Tuesday, October 9, 2007

The Dangerous Book for Parents

Have you seen this book? "The Dangerous Book For Boys" is the best-selling book created by two brothers who felt the over-protective "rules and safety" environment we were creating for our children (more specifically, our boys) was doing them no favors. Inspired by the idea that boys need to test their limits and occasionally fall off things, this book contains plenty of vital information all boys need to know.

There is a section on how to tie knots and what each knot is used for. There are directions for how to build a tree house and a go cart. The Seven Wonders of the Ancient World are described, with color pictures. The book even has poetry every boy should know, including "If" by Rudyard Kipling (my personal favorite.)

Ethan was immediately drawn, however, to the section describing the rules of poker. After reading through the material several times, Ethan announced he wanted to play poker. To be fair, the authors do a great job of helping the reader understand the risk of playing poker. I believe their suggestion had to do with finding a good charity to donate to if you felt you had a bunch of money you didn't need.

Ethan was insistent that we play poker, so Sunday after noon, we played poker. Ethan loved it. When Ethan suggested we play poker for Family Home Evening on Monday night, Robert and I felt Ethan needed a little more education on poker.

"Poker is a game of chance, like playing the lottery or gambling," I told Ethan. "You really shouldn't ever play for money."

"Isn't Bunco gambling?" Ethan quickly shot back.

I was a little flustered. "Well, uh, that's different, because, uh....tell him why it's different Robert."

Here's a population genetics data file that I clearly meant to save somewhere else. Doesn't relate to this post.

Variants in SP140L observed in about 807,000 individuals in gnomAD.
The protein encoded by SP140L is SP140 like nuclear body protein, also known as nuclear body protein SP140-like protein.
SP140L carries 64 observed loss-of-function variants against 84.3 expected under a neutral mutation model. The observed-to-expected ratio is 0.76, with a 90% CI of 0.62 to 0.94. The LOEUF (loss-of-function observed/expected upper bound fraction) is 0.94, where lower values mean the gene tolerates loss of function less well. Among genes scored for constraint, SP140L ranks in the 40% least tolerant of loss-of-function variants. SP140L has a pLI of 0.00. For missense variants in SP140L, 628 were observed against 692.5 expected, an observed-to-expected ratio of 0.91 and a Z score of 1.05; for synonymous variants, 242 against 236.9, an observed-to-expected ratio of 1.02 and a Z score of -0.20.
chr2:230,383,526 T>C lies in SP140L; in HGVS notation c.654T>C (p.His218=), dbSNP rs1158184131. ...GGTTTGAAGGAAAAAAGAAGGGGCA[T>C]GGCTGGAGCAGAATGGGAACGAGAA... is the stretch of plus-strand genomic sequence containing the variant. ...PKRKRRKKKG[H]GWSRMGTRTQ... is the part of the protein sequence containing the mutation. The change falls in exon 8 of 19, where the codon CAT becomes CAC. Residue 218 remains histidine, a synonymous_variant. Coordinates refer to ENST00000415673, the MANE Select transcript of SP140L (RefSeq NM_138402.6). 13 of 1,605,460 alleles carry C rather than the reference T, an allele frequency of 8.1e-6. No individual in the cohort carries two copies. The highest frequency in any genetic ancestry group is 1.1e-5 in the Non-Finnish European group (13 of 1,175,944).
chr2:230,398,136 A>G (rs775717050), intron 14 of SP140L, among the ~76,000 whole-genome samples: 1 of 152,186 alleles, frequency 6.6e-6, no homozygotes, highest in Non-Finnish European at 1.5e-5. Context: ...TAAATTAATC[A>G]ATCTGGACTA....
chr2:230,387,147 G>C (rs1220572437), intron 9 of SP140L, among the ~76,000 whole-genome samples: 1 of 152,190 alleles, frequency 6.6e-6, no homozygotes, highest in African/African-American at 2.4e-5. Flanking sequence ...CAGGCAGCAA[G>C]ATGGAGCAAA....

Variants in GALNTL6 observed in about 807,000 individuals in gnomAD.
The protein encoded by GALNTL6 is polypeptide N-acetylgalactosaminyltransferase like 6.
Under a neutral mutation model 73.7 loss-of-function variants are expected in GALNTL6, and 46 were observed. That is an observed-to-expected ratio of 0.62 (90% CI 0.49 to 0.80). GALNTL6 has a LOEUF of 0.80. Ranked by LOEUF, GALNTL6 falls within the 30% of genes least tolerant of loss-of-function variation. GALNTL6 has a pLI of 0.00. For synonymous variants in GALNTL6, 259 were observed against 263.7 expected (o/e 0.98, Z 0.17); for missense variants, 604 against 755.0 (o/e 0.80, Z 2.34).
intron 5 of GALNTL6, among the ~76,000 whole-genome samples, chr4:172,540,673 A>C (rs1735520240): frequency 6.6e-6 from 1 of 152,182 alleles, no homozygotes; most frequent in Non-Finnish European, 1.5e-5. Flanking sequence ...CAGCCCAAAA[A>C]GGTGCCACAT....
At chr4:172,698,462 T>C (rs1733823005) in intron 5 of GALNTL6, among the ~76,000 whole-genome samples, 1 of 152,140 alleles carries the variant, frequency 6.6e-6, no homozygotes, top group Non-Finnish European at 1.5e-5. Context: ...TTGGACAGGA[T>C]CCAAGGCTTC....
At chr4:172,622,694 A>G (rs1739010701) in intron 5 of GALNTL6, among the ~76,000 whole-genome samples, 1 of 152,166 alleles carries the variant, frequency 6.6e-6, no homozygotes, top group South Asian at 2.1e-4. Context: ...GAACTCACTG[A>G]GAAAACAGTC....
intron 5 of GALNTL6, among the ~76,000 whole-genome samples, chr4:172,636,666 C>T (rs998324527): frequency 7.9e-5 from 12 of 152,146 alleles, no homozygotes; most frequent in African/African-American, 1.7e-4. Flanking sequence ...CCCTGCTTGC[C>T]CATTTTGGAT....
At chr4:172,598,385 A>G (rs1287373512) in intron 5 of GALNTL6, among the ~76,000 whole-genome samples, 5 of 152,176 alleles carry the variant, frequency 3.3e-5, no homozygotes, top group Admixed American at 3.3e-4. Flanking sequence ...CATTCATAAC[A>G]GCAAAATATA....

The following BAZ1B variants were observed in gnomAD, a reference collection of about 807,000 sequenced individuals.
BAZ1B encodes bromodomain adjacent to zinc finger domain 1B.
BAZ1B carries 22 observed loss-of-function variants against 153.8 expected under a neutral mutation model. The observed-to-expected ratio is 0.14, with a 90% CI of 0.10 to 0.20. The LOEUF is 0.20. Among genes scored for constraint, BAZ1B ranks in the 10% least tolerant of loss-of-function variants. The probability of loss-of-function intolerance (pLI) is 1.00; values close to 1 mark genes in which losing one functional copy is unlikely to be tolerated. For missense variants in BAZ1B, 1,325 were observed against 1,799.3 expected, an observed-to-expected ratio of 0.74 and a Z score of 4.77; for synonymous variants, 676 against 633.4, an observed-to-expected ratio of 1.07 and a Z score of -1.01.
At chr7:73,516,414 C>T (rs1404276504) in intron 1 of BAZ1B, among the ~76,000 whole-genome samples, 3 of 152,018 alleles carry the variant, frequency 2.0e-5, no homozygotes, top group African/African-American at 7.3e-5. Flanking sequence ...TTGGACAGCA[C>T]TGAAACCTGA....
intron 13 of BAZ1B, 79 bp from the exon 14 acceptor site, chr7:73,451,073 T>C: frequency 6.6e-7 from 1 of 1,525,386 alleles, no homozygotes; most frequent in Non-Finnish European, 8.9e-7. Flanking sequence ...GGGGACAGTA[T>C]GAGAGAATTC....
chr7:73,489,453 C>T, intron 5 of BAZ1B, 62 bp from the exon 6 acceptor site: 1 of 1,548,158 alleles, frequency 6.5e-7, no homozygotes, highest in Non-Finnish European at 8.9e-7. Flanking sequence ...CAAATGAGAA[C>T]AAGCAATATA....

I swear Robert had a smug little look on his face. He was no help.

"It's like I'm paying for dinner, kind of," I offered Ethan, "with gifts...that are sometimes great and sometimes less great."

Ethan lost interest in my Bunco rationalization and turned his attention to Robert. "What about mutual funds?" (Mutual Funds!!! Where in the world did he learn about mutual funds? He's only 9...I don't think I knew about mutual funds until I was in my 20's.)

Now it was Robert's turn to think quickly as he tried to justify, I mean explain, the difference between investing and gambling.

Anyway, "Dangerous Book for Boys," thanks a lot. It would have been slightly easier if Ethan ripped his pants learning how to climb a fence or skinned his knee jumping out of a tree.


Catherine said...

I've walked past this book several times at Target with curiosity. Now I'm even more interested. I stink at poker.

Is the Daring book for Girls version out yet?

Afton said...

There have been a few knock-offs that are based on stuff for girls.

My opinion about "Dangerous" is that if your kids get into boy scouts, it's pretty much the same thing. "Dangerous" has more things in there that aren't in a Scout manual, (like poker and poetry) but I think Scouts gives boys a good outlet to test their limits, so to speak.

However, if only for nostalgic reasons, this book is one I would like to own. It's really beatufully done. I think they had it at Costco too.

Angela Hunter said...

i am totally getting this book for Andrew.

Catherine said...

Testing the limits is not something my kids need instructions in.

I saw this guy promoting his book on the Daily Show a while ago. He's cool

Anna said...

I'm too protecting a mother still to even think about Joshua jumping fences and doing "boy" things. I might just fail at this if I dont' loosen up, but luckily for me, I have a little while yet. I'd be interested to see the girl versions, just out of curiosity.

megan said...

A definite for Carson...not for a while though.